Grilled Flatbread


I’ve been baking bread since I was knee-high to a grasshopper–nine years old, see The Keeper of the Bread story. I make more regular loaf bread than anything else, but I like to try new things, different ways to play with bread. It keeps me entertained. Not there’s anything new about flatbread. People have been making flatbreads for thousands of years, both leavened and unleavened. It’s the oldest type of bread because it can be cooked simply on a hot stone, without an oven, and used to hold other foods. Every culture has their unique twist–tortilla, crepe, pizza, chapati, matzo, and so on. The popular American-style grilled flatbread is most similar to pizza, but has its roots in all of them, and can be used in so many ways.

This is a leavened flatbread, meaning it contains a “riser” (yeast) and is based on my Grandmother Bread recipe.

Never baked homemade bread before? Learn how to make bread here.
Printer-Friendly Printer-Friendly
How to make Grilled Flatbread:

1 1/2 cups warm water
1 teaspoon yeast
2 tablespoons sugar
1/2 teaspoon salt
2 tablespoons oil
3 1/2 cups flour

In a large bowl, combine water, yeast, and sugar. Let sit five minutes. Add the salt, oil, and first cup of flour, stirring with a heavy spoon. Add more flour a little at a time, stirring until the dough becomes too stiff to continue stirring easily. Dust with a little more flour and begin kneading. The amount of flour is approximate–your mileage may vary! Continue adding flour and kneading until the dough is smooth and elastic. Let dough rise in a greased, covered bowl until doubled. (Usually, about an hour.) Uncover bowl; sprinkle in a little more flour and knead again. Let rest five minutes.
Tear off a ball of dough at a time–whatever size you like–and shape flat on a floured surface. You can use a rolling pin, or just flatten and shape with your hands. (Hand-shaping will give a more rustic look–you aren’t going for perfect here.) You can make a large flatbread and grill it for pizza, or you can make smaller flatbreads and use it for all kinds of things! Dipping bread, folded sandwiches, or cut sandwiches, appetizers or a meal. This is a very versatile way to use a bread dough.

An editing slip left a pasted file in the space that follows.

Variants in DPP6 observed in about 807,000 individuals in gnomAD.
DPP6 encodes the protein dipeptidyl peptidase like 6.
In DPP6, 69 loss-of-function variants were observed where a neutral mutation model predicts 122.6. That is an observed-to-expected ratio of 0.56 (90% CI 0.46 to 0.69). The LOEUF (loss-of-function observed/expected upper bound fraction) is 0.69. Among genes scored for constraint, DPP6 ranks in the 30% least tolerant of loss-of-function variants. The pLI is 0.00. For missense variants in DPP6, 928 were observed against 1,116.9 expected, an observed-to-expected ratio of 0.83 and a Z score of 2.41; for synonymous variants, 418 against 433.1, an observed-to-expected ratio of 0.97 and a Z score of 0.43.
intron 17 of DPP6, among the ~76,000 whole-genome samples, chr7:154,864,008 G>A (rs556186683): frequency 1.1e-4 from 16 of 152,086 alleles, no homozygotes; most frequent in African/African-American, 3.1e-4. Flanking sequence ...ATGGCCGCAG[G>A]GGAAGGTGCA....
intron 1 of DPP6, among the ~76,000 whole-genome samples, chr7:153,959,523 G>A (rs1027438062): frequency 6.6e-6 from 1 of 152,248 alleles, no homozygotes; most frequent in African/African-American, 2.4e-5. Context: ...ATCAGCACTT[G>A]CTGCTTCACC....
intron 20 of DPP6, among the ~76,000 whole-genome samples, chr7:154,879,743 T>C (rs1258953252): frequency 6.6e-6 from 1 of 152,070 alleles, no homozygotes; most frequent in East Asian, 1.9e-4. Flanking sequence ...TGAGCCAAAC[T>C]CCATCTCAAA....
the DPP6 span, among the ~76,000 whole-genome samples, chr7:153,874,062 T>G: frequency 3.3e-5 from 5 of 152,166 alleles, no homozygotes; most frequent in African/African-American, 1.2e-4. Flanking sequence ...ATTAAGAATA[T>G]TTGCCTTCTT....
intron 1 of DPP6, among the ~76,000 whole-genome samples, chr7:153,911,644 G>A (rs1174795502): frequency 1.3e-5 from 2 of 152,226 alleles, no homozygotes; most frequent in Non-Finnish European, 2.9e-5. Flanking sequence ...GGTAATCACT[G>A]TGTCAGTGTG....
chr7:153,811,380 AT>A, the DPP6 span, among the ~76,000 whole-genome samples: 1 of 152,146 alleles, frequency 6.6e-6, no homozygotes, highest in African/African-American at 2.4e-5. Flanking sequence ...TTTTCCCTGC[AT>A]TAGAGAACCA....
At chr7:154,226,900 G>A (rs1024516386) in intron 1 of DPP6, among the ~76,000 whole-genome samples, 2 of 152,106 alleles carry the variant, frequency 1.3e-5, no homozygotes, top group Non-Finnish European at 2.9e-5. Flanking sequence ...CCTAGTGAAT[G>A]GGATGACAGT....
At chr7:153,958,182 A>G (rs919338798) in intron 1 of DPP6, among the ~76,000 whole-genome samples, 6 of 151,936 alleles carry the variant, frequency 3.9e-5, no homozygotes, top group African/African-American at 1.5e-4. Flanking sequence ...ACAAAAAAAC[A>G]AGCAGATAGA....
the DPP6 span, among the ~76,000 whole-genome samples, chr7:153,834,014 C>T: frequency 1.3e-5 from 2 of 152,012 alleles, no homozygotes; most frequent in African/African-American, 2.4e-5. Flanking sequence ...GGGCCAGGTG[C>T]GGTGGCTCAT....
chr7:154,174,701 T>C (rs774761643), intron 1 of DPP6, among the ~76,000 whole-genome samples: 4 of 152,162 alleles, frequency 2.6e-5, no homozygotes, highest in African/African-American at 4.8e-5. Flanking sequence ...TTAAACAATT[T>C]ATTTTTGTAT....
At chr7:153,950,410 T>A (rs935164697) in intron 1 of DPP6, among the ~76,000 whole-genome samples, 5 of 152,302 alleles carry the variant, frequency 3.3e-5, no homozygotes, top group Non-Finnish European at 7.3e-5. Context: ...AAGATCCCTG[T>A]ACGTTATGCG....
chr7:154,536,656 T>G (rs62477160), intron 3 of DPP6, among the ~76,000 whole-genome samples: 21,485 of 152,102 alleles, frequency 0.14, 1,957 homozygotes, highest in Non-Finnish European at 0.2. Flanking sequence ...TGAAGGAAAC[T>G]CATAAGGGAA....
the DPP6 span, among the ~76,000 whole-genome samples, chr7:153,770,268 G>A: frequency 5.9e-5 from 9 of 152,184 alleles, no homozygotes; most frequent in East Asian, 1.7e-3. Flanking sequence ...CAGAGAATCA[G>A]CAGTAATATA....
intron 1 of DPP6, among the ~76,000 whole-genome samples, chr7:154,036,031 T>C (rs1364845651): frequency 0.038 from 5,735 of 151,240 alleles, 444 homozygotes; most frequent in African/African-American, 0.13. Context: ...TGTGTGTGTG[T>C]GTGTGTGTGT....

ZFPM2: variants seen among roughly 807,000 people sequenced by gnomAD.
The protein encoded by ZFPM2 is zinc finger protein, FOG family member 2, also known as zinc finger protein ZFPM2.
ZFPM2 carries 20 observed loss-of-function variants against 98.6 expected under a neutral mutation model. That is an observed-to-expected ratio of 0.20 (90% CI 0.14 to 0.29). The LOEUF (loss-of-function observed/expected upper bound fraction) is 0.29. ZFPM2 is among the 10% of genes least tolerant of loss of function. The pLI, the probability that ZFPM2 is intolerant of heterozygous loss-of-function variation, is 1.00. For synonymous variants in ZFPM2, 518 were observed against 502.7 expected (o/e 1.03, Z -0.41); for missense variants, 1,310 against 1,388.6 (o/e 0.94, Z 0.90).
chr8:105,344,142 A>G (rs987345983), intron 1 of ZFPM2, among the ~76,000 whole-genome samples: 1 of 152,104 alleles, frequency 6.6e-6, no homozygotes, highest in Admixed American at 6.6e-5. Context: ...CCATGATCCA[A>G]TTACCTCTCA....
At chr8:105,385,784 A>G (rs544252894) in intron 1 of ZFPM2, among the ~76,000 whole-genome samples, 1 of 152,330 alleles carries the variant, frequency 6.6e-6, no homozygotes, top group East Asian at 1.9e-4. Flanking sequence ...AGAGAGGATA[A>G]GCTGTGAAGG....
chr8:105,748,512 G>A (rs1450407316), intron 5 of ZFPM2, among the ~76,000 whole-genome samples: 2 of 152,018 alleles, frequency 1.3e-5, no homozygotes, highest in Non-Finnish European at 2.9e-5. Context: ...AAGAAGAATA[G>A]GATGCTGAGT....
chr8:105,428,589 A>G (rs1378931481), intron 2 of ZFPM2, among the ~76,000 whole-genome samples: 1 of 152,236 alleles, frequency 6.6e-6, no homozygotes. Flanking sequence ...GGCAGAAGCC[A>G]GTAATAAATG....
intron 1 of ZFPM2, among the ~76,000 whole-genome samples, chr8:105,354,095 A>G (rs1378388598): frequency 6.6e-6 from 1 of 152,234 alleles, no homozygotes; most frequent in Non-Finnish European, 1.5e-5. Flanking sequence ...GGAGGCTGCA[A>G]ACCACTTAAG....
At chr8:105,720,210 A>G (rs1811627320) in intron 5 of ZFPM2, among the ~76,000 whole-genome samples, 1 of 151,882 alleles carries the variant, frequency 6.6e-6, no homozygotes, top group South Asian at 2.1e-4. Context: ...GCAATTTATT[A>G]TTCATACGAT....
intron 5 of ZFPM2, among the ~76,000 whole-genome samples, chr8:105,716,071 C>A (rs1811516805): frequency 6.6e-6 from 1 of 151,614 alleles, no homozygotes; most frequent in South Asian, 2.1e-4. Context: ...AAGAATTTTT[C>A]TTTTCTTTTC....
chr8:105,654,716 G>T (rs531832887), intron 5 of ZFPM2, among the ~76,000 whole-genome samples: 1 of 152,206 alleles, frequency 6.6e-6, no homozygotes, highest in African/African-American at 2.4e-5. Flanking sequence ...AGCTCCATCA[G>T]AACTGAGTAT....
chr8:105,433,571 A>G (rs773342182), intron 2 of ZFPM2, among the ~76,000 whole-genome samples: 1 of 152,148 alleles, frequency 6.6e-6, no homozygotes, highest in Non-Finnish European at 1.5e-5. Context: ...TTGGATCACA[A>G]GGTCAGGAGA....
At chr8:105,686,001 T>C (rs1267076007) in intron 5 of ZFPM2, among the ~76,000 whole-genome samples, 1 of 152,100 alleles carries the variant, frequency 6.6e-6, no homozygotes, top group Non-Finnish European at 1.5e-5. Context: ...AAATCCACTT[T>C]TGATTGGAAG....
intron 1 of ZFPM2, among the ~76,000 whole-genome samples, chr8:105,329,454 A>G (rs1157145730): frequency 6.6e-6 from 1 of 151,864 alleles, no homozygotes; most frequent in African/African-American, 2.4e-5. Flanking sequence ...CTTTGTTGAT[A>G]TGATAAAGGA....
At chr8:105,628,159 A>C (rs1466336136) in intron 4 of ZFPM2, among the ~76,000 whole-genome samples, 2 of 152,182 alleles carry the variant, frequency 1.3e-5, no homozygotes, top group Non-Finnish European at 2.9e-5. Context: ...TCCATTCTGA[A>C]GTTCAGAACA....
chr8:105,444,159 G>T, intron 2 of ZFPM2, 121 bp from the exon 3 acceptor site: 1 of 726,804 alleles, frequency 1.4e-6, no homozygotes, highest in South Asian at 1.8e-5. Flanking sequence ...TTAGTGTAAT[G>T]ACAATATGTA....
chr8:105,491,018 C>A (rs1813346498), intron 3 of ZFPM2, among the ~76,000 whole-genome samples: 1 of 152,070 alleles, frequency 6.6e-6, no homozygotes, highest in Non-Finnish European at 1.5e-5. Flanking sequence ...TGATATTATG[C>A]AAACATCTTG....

Brush both sides of the shaped flatbreads with olive oil and sprinkle with salt (optional) then grill outdoors or inside on a stove top grill pan over medium-high heat for about five minutes per side. (This will vary on your heat setting and the thickness of your flatbread, so watch it.)
This is even better grilled outdoors, but it’s a mite cold here at the moment…..

Grilled flatbread BLT:

See this recipe at Farm Bell Recipes and save it to your recipe box.
See All My Recipes
Printer-Friendly Printer-Friendly

Comments Leave a Comment
Share: |    Subscribe to my feed Subscribe
Posted by Suzanne McMinn on January 16, 2015  

More posts you might enjoy:

Sign up for the Chickens in the Road Newsletter


5 Responses | RSS feed for comments on this post

  1. 1-16

    I LOVE this recipe, thank you so much.
    Do you think I can use the bread machine dough cycle for the dough?

  2. 1-16

    Yes, I think that should work fine!

  3. 1-16

    These look so good. Do you think all Spelt Flour would work with the Flat Bread Recipe or would it need a combination of regular flour and Spelt?

  4. 1-16

    Suzanne, I clicked on your link about how to make Grandmother Bread just to see what you had up and nearly fell off the chair. OMG! Morgan was still a little girl in that post!!! She was so cute working with the bread. And now she’s all grown up and away in college (and still pretty as can be). Can’t get over how fast the time has gone by. We will try the flat bread. Looks good–just like everything else you make. :yes:

  5. 1-19

    I am making this recipe tomorrow morning, some of the neighbor gals are going to be visiting at our house since we are having a break in the weather. I plan to cut it up in to small peices and set out a few containers of flavored olive oil for dipping. I think it will be a nice change from sweets.

Leave a Reply

Registration is required to leave a comment on this site. You may register here. (You can use this same username on the forum as well.) Already registered? Login here.

Discussion is encouraged, and differing opinions are welcome. However, please don't say anything your grandmother would be ashamed to read. If you see an objectionable comment, you may flag it for moderation. If you write an objectionable comment, be aware that it may be flagged--and deleted. I'm glad you're here. Welcome to our community!

Daily Farm

If you would like to help support the overhead costs of this website, you may donate. Thank you!

Sign up for the
Chickens in the Road Newsletter

The Slanted Little House

"It was a cold wintry day when I brought my children to live in rural West Virginia. The farmhouse was one hundred years old, there was already snow on the ground, and the heat was sparse-—as was the insulation. The floors weren’t even, either. My then-twelve-year-old son walked in the door and said, “You’ve brought us to this slanted little house to die." Keep reading our story....

Today on Chickens in the Road

Join the Community in the Forum

Search This Blog


January 2021

Out My Window

I Love Your Comments

I Have a Cow

And she's ornery. Read my barnyard stories!

Entire Contents © Copyright 2004-2021 Chickens in the Road, Inc.
Text and photographs may not be published, broadcast, redistributed or aggregated without express permission. Thank you.

Privacy Policy, Disclosure, Disclaimer, and Terms of Use